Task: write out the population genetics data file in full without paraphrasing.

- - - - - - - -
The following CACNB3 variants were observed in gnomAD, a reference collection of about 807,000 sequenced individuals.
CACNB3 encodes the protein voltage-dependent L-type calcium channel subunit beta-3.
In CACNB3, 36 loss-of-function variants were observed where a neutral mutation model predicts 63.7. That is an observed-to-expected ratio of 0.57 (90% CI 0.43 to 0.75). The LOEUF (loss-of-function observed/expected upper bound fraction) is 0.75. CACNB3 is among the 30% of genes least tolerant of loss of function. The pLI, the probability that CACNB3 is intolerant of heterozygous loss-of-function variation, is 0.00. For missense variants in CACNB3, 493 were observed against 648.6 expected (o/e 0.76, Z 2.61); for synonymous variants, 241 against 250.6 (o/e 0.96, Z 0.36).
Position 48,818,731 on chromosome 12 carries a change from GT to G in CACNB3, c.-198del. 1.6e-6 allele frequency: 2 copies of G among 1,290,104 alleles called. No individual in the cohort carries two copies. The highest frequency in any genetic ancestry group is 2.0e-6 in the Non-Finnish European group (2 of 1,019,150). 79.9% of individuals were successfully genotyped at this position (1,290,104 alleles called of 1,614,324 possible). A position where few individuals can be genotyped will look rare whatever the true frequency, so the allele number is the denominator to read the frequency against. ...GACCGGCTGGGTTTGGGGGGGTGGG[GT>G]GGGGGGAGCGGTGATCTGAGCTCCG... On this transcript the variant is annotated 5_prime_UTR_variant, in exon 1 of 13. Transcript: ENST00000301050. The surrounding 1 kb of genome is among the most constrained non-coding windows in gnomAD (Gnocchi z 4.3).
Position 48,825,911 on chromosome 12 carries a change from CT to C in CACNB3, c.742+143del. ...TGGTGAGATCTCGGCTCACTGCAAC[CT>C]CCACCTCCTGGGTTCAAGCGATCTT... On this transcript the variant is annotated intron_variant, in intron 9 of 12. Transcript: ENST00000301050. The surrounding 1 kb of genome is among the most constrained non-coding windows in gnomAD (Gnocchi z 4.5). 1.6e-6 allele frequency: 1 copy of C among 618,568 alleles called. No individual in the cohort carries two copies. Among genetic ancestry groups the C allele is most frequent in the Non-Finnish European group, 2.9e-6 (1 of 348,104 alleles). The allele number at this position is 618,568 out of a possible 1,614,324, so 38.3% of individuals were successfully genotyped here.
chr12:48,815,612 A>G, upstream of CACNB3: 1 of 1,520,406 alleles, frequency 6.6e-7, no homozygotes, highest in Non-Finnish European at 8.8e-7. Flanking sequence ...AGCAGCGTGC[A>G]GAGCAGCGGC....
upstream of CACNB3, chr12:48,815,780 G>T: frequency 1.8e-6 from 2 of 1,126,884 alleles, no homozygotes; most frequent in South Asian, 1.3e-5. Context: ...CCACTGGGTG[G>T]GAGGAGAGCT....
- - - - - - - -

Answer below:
The following CACNB3 variants were observed in gnomAD, a reference collection of about 807,000 sequenced individuals.
CACNB3 encodes the protein voltage-dependent L-type calcium channel subunit beta-3.
In CACNB3, 36 loss-of-function variants were observed where a neutral mutation model predicts 63.7. That is an observed-to-expected ratio of 0.57 (90% CI 0.43 to 0.75). The LOEUF (loss-of-function observed/expected upper bound fraction) is 0.75. CACNB3 is among the 30% of genes least tolerant of loss of function. The pLI, the probability that CACNB3 is intolerant of heterozygous loss-of-function variation, is 0.00. For missense variants in CACNB3, 493 were observed against 648.6 expected (o/e 0.76, Z 2.61); for synonymous variants, 241 against 250.6 (o/e 0.96, Z 0.36).
Position 48,818,731 on chromosome 12 carries a change from GT to G in CACNB3, c.-198del. 1.6e-6 allele frequency: 2 copies of G among 1,290,104 alleles called. No individual in the cohort carries two copies. The highest frequency in any genetic ancestry group is 2.0e-6 in the Non-Finnish European group (2 of 1,019,150). 79.9% of individuals were successfully genotyped at this position (1,290,104 alleles called of 1,614,324 possible). A position where few individuals can be genotyped will look rare whatever the true frequency, so the allele number is the denominator to read the frequency against. ...GACCGGCTGGGTTTGGGGGGGTGGG[GT>G]GGGGGGAGCGGTGATCTGAGCTCCG... On this transcript the variant is annotated 5_prime_UTR_variant, in exon 1 of 13. Transcript: ENST00000301050. The surrounding 1 kb of genome is among the most constrained non-coding windows in gnomAD (Gnocchi z 4.3).
Position 48,825,911 on chromosome 12 carries a change from CT to C in CACNB3, c.742+143del. ...TGGTGAGATCTCGGCTCACTGCAAC[CT>C]CCACCTCCTGGGTTCAAGCGATCTT... On this transcript the variant is annotated intron_variant, in intron 9 of 12. Transcript: ENST00000301050. The surrounding 1 kb of genome is among the most constrained non-coding windows in gnomAD (Gnocchi z 4.5). 1.6e-6 allele frequency: 1 copy of C among 618,568 alleles called. No individual in the cohort carries two copies. Among genetic ancestry groups the C allele is most frequent in the Non-Finnish European group, 2.9e-6 (1 of 348,104 alleles). The allele number at this position is 618,568 out of a possible 1,614,324, so 38.3% of individuals were successfully genotyped here.
chr12:48,815,612 A>G, upstream of CACNB3: 1 of 1,520,406 alleles, frequency 6.6e-7, no homozygotes, highest in Non-Finnish European at 8.8e-7. Flanking sequence ...AGCAGCGTGC[A>G]GAGCAGCGGC....
upstream of CACNB3, chr12:48,815,780 G>T: frequency 1.8e-6 from 2 of 1,126,884 alleles, no homozygotes; most frequent in South Asian, 1.3e-5. Context: ...CCACTGGGTG[G>T]GAGGAGAGCT....